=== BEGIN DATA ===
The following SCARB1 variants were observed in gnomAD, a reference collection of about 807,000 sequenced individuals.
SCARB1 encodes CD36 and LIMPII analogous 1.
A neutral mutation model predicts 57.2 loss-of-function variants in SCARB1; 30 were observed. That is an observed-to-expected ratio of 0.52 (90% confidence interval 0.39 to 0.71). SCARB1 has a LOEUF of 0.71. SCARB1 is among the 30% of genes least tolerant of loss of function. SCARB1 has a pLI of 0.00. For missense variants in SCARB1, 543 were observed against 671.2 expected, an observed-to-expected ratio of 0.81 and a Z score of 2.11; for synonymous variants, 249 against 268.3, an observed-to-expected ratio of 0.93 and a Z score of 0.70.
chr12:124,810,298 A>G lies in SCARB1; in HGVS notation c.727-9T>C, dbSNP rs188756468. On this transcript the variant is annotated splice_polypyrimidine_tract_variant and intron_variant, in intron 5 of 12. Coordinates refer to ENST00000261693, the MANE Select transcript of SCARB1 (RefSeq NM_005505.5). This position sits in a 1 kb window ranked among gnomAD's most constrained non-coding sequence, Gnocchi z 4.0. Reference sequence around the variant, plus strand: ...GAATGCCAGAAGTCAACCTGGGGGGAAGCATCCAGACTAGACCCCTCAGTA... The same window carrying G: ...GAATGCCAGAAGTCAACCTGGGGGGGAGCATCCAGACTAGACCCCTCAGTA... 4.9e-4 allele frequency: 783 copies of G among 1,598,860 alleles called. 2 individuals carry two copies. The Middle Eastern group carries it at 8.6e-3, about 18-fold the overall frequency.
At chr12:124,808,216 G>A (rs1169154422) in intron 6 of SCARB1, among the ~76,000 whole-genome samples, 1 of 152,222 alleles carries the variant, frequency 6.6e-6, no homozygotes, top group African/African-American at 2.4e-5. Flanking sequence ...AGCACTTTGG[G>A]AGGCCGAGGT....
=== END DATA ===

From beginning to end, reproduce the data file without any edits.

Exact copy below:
The following SCARB1 variants were observed in gnomAD, a reference collection of about 807,000 sequenced individuals.
SCARB1 encodes CD36 and LIMPII analogous 1.
A neutral mutation model predicts 57.2 loss-of-function variants in SCARB1; 30 were observed. That is an observed-to-expected ratio of 0.52 (90% confidence interval 0.39 to 0.71). SCARB1 has a LOEUF of 0.71. SCARB1 is among the 30% of genes least tolerant of loss of function. SCARB1 has a pLI of 0.00. For missense variants in SCARB1, 543 were observed against 671.2 expected, an observed-to-expected ratio of 0.81 and a Z score of 2.11; for synonymous variants, 249 against 268.3, an observed-to-expected ratio of 0.93 and a Z score of 0.70.
chr12:124,810,298 A>G lies in SCARB1; in HGVS notation c.727-9T>C, dbSNP rs188756468. On this transcript the variant is annotated splice_polypyrimidine_tract_variant and intron_variant, in intron 5 of 12. Coordinates refer to ENST00000261693, the MANE Select transcript of SCARB1 (RefSeq NM_005505.5). This position sits in a 1 kb window ranked among gnomAD's most constrained non-coding sequence, Gnocchi z 4.0. Reference sequence around the variant, plus strand: ...GAATGCCAGAAGTCAACCTGGGGGGAAGCATCCAGACTAGACCCCTCAGTA... The same window carrying G: ...GAATGCCAGAAGTCAACCTGGGGGGGAGCATCCAGACTAGACCCCTCAGTA... 4.9e-4 allele frequency: 783 copies of G among 1,598,860 alleles called. 2 individuals carry two copies. The Middle Eastern group carries it at 8.6e-3, about 18-fold the overall frequency.
At chr12:124,808,216 G>A (rs1169154422) in intron 6 of SCARB1, among the ~76,000 whole-genome samples, 1 of 152,222 alleles carries the variant, frequency 6.6e-6, no homozygotes, top group African/African-American at 2.4e-5. Flanking sequence ...AGCACTTTGG[G>A]AGGCCGAGGT....